If there is anything that is amiss with the way that the places have been allocated then it is not just you as the person who raised it that potentially benefits but everybody who is appealing. It happens probably once a year in panels I sit on that an issue is raised that is a problem in the school's case but actually others get the places rather than the person who raised the issue.
So the reality is raise the issues in part 1 and accept that it will not be the answer to your prayers- a strong part 2 case is much more likely to get you a place on appeal

trixxieloo Wed 23-May-18 01:48:22

Thank you admission.
My question of more around trying to say the school can accept one more addition person. I'm trying to tip away that the schools case, ie they are not as tightly packed as the appeal paperwork sent to me ( schools prejudice caae) says.
They quote alsorts in the schools case, ie the majority of the classrooms don't easier the recommended 62 sq metre.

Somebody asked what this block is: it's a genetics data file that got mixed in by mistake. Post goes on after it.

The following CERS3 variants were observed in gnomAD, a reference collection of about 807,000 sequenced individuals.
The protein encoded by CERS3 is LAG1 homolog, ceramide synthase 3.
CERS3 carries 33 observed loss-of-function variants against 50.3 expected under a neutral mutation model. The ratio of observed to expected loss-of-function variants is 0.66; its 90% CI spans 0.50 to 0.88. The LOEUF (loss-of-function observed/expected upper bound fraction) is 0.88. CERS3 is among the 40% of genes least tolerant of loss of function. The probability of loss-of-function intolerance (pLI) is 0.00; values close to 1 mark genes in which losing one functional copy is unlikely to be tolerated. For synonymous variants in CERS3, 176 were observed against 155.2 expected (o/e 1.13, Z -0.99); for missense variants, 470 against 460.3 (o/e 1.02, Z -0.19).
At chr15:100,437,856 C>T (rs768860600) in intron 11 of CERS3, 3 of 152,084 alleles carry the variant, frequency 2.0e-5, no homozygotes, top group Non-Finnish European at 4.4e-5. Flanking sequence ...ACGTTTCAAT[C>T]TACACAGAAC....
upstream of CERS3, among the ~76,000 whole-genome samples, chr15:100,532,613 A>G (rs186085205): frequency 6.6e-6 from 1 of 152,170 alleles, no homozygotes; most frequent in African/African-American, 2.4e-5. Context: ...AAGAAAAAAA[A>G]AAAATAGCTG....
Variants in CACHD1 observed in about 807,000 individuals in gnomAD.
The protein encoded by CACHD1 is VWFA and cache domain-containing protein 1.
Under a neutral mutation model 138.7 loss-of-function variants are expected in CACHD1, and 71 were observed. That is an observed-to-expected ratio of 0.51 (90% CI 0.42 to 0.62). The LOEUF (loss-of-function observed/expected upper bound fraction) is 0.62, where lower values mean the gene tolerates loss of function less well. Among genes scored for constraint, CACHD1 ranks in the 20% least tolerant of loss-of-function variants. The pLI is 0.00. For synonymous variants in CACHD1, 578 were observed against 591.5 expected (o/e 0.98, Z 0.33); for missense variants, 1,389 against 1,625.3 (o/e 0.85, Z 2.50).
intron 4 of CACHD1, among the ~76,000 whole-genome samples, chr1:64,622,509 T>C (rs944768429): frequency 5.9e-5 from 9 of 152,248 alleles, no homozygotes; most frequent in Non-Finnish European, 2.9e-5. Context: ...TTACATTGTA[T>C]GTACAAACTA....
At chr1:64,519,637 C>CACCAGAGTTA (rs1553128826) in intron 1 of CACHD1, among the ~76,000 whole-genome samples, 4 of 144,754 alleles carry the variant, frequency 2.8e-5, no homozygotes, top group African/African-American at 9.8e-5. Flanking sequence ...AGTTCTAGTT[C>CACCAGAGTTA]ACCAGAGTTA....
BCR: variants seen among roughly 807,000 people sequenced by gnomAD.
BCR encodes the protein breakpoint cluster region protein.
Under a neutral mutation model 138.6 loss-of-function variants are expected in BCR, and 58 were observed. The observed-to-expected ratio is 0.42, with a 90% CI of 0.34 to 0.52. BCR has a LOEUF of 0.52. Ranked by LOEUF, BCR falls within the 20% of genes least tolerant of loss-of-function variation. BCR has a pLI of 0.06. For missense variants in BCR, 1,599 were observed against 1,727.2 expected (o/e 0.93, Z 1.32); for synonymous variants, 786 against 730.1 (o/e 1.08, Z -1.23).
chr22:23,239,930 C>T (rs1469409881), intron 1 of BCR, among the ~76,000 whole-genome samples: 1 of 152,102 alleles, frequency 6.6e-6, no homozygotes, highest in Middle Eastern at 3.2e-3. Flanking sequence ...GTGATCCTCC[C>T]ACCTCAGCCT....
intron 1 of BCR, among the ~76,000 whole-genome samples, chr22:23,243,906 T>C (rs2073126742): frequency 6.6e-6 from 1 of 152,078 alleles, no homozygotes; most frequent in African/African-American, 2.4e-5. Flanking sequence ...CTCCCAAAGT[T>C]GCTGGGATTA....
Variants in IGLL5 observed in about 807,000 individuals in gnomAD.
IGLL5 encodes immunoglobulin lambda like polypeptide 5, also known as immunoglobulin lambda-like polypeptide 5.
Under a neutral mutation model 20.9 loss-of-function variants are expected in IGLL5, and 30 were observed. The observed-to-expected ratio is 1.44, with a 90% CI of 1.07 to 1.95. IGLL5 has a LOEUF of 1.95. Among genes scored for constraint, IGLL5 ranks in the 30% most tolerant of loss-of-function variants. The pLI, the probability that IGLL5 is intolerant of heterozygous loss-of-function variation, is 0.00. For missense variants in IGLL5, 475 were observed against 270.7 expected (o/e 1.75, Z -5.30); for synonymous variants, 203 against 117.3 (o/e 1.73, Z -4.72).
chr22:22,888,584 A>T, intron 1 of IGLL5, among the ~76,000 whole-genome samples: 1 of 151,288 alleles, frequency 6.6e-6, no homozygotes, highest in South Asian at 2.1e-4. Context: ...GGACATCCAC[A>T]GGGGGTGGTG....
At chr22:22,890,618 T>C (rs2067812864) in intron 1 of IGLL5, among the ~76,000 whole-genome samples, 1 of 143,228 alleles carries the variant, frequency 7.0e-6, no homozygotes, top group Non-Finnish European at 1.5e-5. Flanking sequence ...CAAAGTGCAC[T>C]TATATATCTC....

prh47bridge Wed 23-May-18 10:04:51

If stage 1 and stage 2 are separate hearings, any arguments that the school can accept more pupils need to be raised in stage 1. So your argument that they are able to accept one more pupil belongs in stage 1. Stage 2 should be purely about the reasons your child needs to attend this school.

trixxieloo Wed 23-May-18 20:49:03

Thank you

Thomas07 Sun 03-Jun-18 20:39:36

Hi, I’m appealing a middle school (in our area we have a 3 school system) first school year 1-4 middle school years 5 - 8 the high school year 9 onwards. I have 1 child in middle school and 2 at first school my middle child is due to start middle school in Sep and he was given a different school to his brother so I will have 3 schools to get too come Sep! I have been reading the posts and my appeal is 15th June I haven’t been told about stages so I’m assuming we are straight to stage 2 though I know there are 27 appeals for the school does that mean they have already decided that they can take more children?

prh47bridge Sun 03-Jun-18 22:23:22

No, it doesn't mean that at all. It means that you are having a single hearing covering both stages. The school will present their case to refuse admission in each of the 27 hearings and you will be able to question their representative. The appeal panel won't make any decisions until they have heard all the appeals.